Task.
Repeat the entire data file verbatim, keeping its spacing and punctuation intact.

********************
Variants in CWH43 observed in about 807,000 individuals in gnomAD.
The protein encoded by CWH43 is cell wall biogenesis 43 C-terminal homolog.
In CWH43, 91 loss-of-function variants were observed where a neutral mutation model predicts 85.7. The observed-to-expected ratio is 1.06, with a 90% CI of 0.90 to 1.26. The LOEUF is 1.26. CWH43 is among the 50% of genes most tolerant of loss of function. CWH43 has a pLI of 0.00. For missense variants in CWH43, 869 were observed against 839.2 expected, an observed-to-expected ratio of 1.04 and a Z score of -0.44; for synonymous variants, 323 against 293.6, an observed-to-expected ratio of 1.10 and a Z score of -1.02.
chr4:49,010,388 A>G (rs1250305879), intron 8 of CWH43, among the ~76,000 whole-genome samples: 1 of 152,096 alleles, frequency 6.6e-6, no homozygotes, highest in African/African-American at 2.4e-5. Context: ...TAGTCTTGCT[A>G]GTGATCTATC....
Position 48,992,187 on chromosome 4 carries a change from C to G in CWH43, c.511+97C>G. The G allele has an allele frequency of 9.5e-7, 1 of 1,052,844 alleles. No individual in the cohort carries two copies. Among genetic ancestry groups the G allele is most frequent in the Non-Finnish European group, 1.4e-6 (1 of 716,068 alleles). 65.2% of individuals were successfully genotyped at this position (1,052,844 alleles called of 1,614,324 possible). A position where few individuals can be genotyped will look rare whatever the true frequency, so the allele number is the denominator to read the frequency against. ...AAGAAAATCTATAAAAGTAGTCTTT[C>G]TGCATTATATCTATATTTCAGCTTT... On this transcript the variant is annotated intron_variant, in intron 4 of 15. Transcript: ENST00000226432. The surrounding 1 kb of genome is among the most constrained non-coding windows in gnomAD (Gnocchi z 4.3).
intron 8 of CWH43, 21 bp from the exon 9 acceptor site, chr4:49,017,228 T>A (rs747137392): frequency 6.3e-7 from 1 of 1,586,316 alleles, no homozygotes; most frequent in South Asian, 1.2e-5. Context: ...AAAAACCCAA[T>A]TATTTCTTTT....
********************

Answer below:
Variants in CWH43 observed in about 807,000 individuals in gnomAD.
The protein encoded by CWH43 is cell wall biogenesis 43 C-terminal homolog.
In CWH43, 91 loss-of-function variants were observed where a neutral mutation model predicts 85.7. The observed-to-expected ratio is 1.06, with a 90% CI of 0.90 to 1.26. The LOEUF is 1.26. CWH43 is among the 50% of genes most tolerant of loss of function. CWH43 has a pLI of 0.00. For missense variants in CWH43, 869 were observed against 839.2 expected, an observed-to-expected ratio of 1.04 and a Z score of -0.44; for synonymous variants, 323 against 293.6, an observed-to-expected ratio of 1.10 and a Z score of -1.02.
chr4:49,010,388 A>G (rs1250305879), intron 8 of CWH43, among the ~76,000 whole-genome samples: 1 of 152,096 alleles, frequency 6.6e-6, no homozygotes, highest in African/African-American at 2.4e-5. Context: ...TAGTCTTGCT[A>G]GTGATCTATC....
Position 48,992,187 on chromosome 4 carries a change from C to G in CWH43, c.511+97C>G. The G allele has an allele frequency of 9.5e-7, 1 of 1,052,844 alleles. No individual in the cohort carries two copies. Among genetic ancestry groups the G allele is most frequent in the Non-Finnish European group, 1.4e-6 (1 of 716,068 alleles). 65.2% of individuals were successfully genotyped at this position (1,052,844 alleles called of 1,614,324 possible). A position where few individuals can be genotyped will look rare whatever the true frequency, so the allele number is the denominator to read the frequency against. ...AAGAAAATCTATAAAAGTAGTCTTT[C>G]TGCATTATATCTATATTTCAGCTTT... On this transcript the variant is annotated intron_variant, in intron 4 of 15. Transcript: ENST00000226432. The surrounding 1 kb of genome is among the most constrained non-coding windows in gnomAD (Gnocchi z 4.3).
intron 8 of CWH43, 21 bp from the exon 9 acceptor site, chr4:49,017,228 T>A (rs747137392): frequency 6.3e-7 from 1 of 1,586,316 alleles, no homozygotes; most frequent in South Asian, 1.2e-5. Context: ...AAAAACCCAA[T>A]TATTTCTTTT....